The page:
On killings in the Middle Belt
In obvious frustration arising from its inability to put a halt to acts of genocide perpetrated by herdsmen in the Middle Belt, the Presidency has alleged that politicians are behind the wanton killings.
Although no proof was tendered to support the allegation, presidential spokesman Garba Shehu, asserted that the killings were politically motivated. This allegation is simply a political statement, not meant to be taken seriously.
The question is: who are the politicians in Nigeria? Are they not the ones in power or in the opposition?
Are they ghosts that the security services cannot fish out? The President and his team are all politicians and no doubt they are toying with the lives of the people who elected them into office.
Although killings have occurred across the country, the Middle Belt for some unfathomable reasons, has suffered the fiercest attacks. What is going on?
The President whom Section 130 (2) of the 1999 Constitution refers to as ‘the Chief Executive of the Federation and Commander-in-Chief of the Armed Forces’ has no reason to wring his hands in frustration.
The buck stops at his desk. So the nation holds him accountable.
It is appalling that he has not been able to discipline the Inspector General of Police who disobeyed his order to relocate to Benue State after the January killings.
The inter-agency rivalry among the security agencies – the DSS, Nigeria Police, NIA and EFCC – is disgraceful and has become tragic. If they did their work in a coordinated manner, some of the killings would be prevented.
Reports have it that they conceal information from one another. By this they endanger the corporate existence of Nigeria.
The President has by and large been aloof from the senseless slaughter of citizens under his case. After the January attacks, he postponed a visit to the area till it became a national and international embarrassment for him. Indeed, the government has not been proactive.
The herdsmen attack helpless citizens with reckless abandon and criminal ease.
No less a person than a former Chief of Army Staff, retired General Theophilus Danjuma has had to cry out about the failure of the Nigeria Army to secure lives and property in the Middle Belt.
This is not the time for apportioning blame. It is time for action. First, while in the United Kingdom for a meeting of Heads of Government under the auspices of the Commonwealth, the President blamed late Muammar Gadhafi for training the fighters. Now the same government is blaming politicians.
Sadly, internal security is the constitutional duty of the Police. But this they have failed woefully to do. Nigeria has a national Police Force which lacks the will and manpower to effectively police the country.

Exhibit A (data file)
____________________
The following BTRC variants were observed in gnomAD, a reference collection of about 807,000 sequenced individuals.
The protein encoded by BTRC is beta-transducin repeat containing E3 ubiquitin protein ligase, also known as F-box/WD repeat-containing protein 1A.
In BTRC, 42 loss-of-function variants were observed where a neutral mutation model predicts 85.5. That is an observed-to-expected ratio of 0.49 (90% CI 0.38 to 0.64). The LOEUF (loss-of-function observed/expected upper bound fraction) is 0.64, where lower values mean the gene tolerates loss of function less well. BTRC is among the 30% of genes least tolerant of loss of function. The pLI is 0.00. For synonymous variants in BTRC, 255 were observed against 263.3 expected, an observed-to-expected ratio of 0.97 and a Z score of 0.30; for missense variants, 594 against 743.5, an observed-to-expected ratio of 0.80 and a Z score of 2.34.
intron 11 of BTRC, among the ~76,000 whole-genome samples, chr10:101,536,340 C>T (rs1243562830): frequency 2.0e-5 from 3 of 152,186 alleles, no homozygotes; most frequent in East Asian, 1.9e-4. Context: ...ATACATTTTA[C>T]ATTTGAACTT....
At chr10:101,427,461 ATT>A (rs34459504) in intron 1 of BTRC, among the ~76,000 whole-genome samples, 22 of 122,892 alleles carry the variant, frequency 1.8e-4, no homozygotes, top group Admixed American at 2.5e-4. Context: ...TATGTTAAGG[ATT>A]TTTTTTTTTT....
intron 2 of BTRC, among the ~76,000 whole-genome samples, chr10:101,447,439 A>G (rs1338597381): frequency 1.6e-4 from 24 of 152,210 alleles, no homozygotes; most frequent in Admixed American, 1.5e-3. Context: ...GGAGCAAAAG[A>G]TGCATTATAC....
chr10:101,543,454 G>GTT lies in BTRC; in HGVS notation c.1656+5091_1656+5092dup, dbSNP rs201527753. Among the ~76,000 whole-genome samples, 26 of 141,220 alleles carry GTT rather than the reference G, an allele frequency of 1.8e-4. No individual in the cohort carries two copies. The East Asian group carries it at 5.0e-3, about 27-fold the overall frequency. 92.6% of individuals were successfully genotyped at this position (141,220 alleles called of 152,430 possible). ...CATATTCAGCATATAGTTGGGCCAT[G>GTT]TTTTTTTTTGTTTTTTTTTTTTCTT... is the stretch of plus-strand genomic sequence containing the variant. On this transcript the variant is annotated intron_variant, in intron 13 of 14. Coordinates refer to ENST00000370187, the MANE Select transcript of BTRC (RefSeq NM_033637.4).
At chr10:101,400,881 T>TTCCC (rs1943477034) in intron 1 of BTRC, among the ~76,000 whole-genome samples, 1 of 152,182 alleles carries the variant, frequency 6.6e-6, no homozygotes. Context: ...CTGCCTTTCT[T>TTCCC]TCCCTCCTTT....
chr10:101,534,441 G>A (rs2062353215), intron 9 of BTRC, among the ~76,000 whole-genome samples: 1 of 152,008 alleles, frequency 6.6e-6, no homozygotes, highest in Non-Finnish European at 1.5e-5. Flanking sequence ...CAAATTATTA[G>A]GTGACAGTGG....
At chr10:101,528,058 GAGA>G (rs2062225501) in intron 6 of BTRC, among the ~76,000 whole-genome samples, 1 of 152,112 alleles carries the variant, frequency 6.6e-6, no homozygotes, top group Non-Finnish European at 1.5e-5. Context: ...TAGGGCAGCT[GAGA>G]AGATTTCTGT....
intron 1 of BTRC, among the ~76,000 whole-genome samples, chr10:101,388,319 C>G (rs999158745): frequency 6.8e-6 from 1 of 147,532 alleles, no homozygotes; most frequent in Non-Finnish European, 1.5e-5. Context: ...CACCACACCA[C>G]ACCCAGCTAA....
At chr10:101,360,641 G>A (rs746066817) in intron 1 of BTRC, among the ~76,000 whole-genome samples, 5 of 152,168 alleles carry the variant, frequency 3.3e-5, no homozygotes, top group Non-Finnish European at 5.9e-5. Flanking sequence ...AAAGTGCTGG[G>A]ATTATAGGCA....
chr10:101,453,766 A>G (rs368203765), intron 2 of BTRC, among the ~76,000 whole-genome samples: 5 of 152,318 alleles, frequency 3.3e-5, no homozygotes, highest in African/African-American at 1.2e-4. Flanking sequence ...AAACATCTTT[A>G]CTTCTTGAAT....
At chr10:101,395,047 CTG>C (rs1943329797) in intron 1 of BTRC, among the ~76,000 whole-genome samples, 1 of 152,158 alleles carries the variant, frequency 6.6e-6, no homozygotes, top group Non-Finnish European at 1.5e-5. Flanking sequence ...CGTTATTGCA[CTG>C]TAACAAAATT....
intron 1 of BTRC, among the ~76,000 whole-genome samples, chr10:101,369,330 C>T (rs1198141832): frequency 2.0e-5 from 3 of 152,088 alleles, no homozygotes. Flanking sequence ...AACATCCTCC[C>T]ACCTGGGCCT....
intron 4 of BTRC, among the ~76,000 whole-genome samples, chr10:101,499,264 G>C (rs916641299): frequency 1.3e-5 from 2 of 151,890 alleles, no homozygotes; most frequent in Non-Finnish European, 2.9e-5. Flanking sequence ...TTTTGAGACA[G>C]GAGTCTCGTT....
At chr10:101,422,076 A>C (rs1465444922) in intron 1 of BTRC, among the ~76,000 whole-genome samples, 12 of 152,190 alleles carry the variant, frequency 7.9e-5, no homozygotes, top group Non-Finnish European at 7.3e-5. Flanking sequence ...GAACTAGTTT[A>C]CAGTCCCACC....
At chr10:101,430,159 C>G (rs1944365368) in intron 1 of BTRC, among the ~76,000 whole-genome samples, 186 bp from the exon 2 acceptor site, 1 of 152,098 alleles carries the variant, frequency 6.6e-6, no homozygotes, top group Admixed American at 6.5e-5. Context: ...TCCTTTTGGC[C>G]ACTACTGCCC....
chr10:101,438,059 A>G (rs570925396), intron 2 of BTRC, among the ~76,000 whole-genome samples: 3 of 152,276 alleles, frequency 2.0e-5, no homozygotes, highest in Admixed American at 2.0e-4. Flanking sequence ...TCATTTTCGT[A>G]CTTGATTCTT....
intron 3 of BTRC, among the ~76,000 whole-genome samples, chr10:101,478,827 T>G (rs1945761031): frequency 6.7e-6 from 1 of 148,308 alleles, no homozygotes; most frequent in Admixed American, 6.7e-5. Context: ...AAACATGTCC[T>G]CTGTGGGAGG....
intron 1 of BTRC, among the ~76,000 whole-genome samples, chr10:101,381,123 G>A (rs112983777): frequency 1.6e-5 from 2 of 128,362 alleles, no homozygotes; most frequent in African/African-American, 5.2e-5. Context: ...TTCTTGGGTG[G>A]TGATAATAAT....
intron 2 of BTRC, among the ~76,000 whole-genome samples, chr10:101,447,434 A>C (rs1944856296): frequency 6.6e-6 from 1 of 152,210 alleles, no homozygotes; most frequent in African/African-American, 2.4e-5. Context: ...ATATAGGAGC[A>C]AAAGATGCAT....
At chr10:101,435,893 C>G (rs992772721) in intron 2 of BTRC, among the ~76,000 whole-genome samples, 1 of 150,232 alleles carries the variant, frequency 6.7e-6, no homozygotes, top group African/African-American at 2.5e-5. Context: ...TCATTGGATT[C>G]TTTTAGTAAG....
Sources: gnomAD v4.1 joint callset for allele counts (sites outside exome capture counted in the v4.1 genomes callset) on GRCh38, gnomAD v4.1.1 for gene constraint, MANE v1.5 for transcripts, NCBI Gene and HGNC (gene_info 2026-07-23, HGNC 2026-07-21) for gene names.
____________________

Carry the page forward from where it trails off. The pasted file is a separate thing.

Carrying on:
The men are highly compromised, poorly trained and poorly motivated. They are expected to perform miracles with the poor equipment which they are given.
A sizeable number of them are attached to VIPs across the land, leaving the people exposed to terror and criminality. This is not the Nigeria envisaged when Nigerians trooped to the polling booths to elect Muhammadu Buhari in 2015.
Prevention of further attacks should be the overall concern of the government. One of the primary obligations of government to the people is security of life and property. In this, the government has failed the people.
Recently, there was another attack in Benue State where 17 lives were lost including the lives of two Catholic priests. Indeed two days after the killing of the 17, there was yet another attack in Benue State. Why has the government failed to prevent killings in Benue State?
If the killings are all in connection with 2019 elections, then Nigeria’s political leaders are no less than scoundrels. If the government’s incompetent and lackadaisical response is about 2019 elections then the government is criminally irresponsible. All lives are sacrosanct.
No life can be replaced; so no life should be left to the whims and caprices of demented terrorists and criminals masquerading as herdsmen.
Government’s negligence and apathy is promoting the narrative that the President is unable to act because he is sympathetic to the cause of the herdsmen.
This is sad and unfortunate. Mr. President should wake up from his slumber and take charge of the nation’s security.
The government should take security seriously. It must work out an overall strategy that will put a final full stop to the carnage in the country. No responsible government allows what is currently going on to happen.
It is a sign of woeful failure on the part of government. A re-structured Nigeria in which policing will be a local affair is an imperative in this country.
This is why the Federal Government should set in motion the process of restructuring Nigeria. The Federal Government is far too detached from the massacres in the Middle Belt.
There is no compassion. There is no involvement in the lives of the citizens who elected the President. The National Assembly members have made the right noises. They have even gone ahead to summon the President. But posturing will not solve the problem.
This is a golden opportunity for the National Assembly to trigger off the process of restructuring so that security of life and property would be vested in the constituent parts of the Federation.
Finally, the government is portraying itself in bad light. Pointing fingers at imaginary enemies is tantamount to failure and incompetence.
The inter-agency rivalry should stop forthwith. The Police should live up to its constitutional duties. And the President should stand up to defend all Nigerians.
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